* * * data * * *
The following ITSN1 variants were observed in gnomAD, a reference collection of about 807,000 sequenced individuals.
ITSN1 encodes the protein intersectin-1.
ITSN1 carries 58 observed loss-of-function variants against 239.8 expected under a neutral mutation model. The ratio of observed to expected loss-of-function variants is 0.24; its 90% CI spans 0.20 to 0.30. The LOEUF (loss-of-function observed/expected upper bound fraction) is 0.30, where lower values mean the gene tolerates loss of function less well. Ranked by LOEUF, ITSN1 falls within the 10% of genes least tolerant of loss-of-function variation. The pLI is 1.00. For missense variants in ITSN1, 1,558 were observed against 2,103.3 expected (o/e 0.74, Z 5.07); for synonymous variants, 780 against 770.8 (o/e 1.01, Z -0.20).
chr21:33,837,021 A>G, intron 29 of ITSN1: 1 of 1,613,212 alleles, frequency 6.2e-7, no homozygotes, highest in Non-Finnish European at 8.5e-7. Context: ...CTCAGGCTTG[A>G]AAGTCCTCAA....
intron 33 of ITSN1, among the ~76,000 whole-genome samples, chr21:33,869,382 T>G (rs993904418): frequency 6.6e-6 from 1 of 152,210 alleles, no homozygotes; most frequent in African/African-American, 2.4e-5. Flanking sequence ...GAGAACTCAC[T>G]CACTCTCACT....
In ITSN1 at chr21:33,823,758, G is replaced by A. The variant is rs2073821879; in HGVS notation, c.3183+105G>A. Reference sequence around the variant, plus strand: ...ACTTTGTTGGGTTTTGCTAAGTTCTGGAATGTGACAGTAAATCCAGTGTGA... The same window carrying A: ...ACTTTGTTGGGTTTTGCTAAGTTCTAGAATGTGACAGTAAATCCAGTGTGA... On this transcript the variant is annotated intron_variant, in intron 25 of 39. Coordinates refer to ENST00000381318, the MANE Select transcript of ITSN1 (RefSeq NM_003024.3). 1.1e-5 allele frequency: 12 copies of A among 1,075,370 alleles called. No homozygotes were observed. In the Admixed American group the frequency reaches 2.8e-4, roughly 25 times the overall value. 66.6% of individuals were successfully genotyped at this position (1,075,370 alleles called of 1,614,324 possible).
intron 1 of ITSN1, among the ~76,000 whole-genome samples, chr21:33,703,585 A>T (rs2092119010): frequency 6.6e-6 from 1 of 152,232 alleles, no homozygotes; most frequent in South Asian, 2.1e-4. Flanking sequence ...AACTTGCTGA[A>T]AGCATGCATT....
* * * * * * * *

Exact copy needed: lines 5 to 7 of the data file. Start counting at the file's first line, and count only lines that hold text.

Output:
intron 33 of ITSN1, among the ~76,000 whole-genome samples, chr21:33,869,382 T>G (rs993904418): frequency 6.6e-6 from 1 of 152,210 alleles, no homozygotes; most frequent in African/African-American, 2.4e-5. Flanking sequence ...GAGAACTCAC[T>G]CACTCTCACT....
In ITSN1 at chr21:33,823,758, G is replaced by A. The variant is rs2073821879; in HGVS notation, c.3183+105G>A. Reference sequence around the variant, plus strand: ...ACTTTGTTGGGTTTTGCTAAGTTCTGGAATGTGACAGTAAATCCAGTGTGA... The same window carrying A: ...ACTTTGTTGGGTTTTGCTAAGTTCTAGAATGTGACAGTAAATCCAGTGTGA... On this transcript the variant is annotated intron_variant, in intron 25 of 39. Coordinates refer to ENST00000381318, the MANE Select transcript of ITSN1 (RefSeq NM_003024.3). 1.1e-5 allele frequency: 12 copies of A among 1,075,370 alleles called. No homozygotes were observed. In the Admixed American group the frequency reaches 2.8e-4, roughly 25 times the overall value. 66.6% of individuals were successfully genotyped at this position (1,075,370 alleles called of 1,614,324 possible).
intron 1 of ITSN1, among the ~76,000 whole-genome samples, chr21:33,703,585 A>T (rs2092119010): frequency 6.6e-6 from 1 of 152,232 alleles, no homozygotes; most frequent in South Asian, 2.1e-4. Flanking sequence ...AACTTGCTGA[A>T]AGCATGCATT....